87th AMS Annual Meeting

Monday, 15 January 2007
Impacts of UHI and aerosols on hydrological variables
Exhibit Hall C (Henry B. Gonzalez Convention Center)
Heather Yael Glickman, NOAA-CREST/ City University of New York/ CUNY Graduate Center, New York, NY; and S. Mahani and R. Khanbilvardi1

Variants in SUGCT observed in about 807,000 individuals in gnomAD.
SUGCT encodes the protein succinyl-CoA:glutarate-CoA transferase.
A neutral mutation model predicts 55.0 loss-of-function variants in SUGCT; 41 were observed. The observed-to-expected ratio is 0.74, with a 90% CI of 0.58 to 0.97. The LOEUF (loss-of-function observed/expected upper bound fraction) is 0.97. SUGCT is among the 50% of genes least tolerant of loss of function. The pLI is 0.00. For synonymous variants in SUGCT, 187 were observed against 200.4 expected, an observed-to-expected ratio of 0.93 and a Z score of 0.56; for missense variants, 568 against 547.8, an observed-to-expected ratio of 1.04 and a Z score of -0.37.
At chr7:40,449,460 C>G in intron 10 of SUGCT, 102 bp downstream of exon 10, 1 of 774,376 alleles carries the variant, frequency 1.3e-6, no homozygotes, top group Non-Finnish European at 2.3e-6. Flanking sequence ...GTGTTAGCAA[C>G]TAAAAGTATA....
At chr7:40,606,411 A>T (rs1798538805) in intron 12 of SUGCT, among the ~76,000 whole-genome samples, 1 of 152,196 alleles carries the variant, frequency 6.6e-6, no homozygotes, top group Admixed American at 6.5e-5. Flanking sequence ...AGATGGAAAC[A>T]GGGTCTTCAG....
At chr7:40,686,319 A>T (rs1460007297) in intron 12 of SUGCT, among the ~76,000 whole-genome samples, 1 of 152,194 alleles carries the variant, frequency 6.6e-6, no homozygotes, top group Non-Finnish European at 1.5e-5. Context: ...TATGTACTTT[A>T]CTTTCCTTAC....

With the objective of improved climate variability predictions, this study will investigate the influence of urban aerosols on UHI and hydrological variables, such as cloud and precipitation formation. UHI and cloud and precipitation variability will be predicted with respect to aerosols and climate changes. Some of the factors considered are the source of aerosols, topography, and meteorological variables. The proposed approach explores the impacts of air particles and land-based pollutants on temperature, cloud formation, and precipitation as well as climate changes, particularly over urban regions. Aerosol data from AERONET ground stations and weather station data from NCDC will be utilized in this analysis to track relationships between aerosol optical depths, UHI, and rainfall. Downwind studies will also be conducted, which take into consideration the movement of aerosols from their original sources. The study area is a 5x5 degree region centered around New York City. The time period is limited to the summer months of June through August of 2005. Periods of high aerosol levels coincide with suppressed rainfall downwind of the source region, while UHI regions may be associated with more rainfall episodes.

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